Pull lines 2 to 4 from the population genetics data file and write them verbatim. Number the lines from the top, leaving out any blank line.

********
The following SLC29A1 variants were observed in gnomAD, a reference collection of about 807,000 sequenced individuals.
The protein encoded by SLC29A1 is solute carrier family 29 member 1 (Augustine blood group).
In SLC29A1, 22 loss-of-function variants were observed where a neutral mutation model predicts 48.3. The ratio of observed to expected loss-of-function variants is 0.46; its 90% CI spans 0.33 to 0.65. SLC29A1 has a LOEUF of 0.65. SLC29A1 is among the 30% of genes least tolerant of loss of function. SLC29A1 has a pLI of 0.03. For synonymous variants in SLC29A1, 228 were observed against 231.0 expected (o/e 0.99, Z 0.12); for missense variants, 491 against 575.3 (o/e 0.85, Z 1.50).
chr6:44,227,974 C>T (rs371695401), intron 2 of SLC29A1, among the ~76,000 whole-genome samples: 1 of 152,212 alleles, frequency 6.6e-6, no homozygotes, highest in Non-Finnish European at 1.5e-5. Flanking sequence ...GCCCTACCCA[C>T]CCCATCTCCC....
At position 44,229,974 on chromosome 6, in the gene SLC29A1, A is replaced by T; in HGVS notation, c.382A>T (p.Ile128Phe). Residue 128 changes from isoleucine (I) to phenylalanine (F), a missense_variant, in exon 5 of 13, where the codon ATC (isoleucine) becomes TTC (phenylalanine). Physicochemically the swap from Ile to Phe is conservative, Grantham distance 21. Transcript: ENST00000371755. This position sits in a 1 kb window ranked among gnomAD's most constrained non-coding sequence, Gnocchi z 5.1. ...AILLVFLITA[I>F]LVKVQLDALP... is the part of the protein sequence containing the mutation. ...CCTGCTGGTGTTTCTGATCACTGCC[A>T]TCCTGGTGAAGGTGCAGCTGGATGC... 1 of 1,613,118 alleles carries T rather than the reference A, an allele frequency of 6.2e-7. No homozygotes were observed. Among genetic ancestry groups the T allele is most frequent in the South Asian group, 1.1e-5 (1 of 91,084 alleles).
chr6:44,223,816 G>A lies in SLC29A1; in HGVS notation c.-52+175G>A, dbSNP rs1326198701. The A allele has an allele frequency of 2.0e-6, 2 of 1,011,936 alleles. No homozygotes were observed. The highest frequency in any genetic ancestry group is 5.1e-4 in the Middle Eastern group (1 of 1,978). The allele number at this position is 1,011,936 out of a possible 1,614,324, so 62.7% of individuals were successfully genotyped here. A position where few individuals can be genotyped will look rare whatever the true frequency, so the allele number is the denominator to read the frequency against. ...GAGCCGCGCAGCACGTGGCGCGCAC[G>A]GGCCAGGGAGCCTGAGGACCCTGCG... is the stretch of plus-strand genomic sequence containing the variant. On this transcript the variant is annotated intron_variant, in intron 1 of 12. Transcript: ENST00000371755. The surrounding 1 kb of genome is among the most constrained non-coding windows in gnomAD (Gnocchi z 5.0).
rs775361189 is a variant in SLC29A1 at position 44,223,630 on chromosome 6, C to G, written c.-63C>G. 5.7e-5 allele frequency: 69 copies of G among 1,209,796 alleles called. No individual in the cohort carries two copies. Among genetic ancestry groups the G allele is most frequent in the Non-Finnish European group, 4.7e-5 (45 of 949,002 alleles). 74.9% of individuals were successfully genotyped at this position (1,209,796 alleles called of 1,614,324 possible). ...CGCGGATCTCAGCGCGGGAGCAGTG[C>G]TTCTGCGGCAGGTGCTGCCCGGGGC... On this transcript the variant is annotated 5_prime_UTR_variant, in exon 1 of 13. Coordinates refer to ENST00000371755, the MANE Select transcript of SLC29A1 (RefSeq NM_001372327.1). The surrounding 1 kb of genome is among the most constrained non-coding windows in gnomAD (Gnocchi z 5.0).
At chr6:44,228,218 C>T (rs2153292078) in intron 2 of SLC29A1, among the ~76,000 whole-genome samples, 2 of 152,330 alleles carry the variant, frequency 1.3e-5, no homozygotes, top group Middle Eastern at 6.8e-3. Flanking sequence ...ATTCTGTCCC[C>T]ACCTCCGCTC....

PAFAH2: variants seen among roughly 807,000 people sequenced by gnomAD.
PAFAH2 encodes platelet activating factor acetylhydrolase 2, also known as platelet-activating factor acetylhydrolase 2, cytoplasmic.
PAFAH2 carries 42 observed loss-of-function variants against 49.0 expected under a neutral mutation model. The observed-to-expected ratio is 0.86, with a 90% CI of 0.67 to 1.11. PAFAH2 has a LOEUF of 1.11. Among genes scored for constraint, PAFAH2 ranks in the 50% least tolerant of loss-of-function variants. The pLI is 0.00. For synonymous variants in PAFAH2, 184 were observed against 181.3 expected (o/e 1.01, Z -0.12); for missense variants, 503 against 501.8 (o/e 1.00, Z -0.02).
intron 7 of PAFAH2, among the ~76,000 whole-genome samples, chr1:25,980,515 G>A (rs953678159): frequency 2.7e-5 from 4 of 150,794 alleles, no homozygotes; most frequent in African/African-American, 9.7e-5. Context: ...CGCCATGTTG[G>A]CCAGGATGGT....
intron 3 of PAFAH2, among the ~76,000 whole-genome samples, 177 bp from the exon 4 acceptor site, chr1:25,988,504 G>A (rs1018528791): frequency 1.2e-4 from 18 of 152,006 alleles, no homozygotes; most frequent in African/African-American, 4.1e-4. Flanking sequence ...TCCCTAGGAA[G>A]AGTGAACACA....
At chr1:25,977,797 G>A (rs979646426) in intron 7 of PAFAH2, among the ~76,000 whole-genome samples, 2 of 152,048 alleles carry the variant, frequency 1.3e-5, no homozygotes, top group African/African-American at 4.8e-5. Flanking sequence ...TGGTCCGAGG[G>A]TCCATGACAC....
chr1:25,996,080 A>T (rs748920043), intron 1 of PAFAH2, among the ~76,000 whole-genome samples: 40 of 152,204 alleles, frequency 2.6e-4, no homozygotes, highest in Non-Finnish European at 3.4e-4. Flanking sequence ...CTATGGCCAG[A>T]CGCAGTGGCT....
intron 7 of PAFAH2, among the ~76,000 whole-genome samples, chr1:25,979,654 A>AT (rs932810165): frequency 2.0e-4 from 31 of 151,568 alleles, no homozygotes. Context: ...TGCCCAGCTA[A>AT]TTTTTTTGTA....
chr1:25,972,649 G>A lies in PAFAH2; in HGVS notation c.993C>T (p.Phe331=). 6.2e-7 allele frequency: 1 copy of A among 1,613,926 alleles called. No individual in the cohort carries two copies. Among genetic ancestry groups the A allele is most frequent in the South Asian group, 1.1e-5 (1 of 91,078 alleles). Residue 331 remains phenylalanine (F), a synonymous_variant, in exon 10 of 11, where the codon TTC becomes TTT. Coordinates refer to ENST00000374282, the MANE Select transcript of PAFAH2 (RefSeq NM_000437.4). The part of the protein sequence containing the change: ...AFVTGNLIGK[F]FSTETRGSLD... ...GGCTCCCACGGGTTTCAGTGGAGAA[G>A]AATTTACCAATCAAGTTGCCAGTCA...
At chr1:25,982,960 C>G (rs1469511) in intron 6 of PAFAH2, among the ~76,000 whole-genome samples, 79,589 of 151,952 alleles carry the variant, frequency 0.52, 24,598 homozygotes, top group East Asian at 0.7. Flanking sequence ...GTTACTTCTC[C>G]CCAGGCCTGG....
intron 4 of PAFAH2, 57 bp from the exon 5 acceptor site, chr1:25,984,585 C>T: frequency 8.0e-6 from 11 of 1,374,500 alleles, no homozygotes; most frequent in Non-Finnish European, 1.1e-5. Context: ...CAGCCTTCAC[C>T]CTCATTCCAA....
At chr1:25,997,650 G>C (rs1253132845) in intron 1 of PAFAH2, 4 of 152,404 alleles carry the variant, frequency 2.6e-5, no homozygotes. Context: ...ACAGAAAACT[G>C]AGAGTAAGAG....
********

The protein encoded by SLC29A1 is solute carrier family 29 member 1 (Augustine blood group).
In SLC29A1, 22 loss-of-function variants were observed where a neutral mutation model predicts 48.3. The ratio of observed to expected loss-of-function variants is 0.46; its 90% CI spans 0.33 to 0.65. SLC29A1 has a LOEUF of 0.65. SLC29A1 is among the 30% of genes least tolerant of loss of function. SLC29A1 has a pLI of 0.03. For synonymous variants in SLC29A1, 228 were observed against 231.0 expected (o/e 0.99, Z 0.12); for missense variants, 491 against 575.3 (o/e 0.85, Z 1.50).
chr6:44,227,974 C>T (rs371695401), intron 2 of SLC29A1, among the ~76,000 whole-genome samples: 1 of 152,212 alleles, frequency 6.6e-6, no homozygotes, highest in Non-Finnish European at 1.5e-5. Flanking sequence ...GCCCTACCCA[C>T]CCCATCTCCC....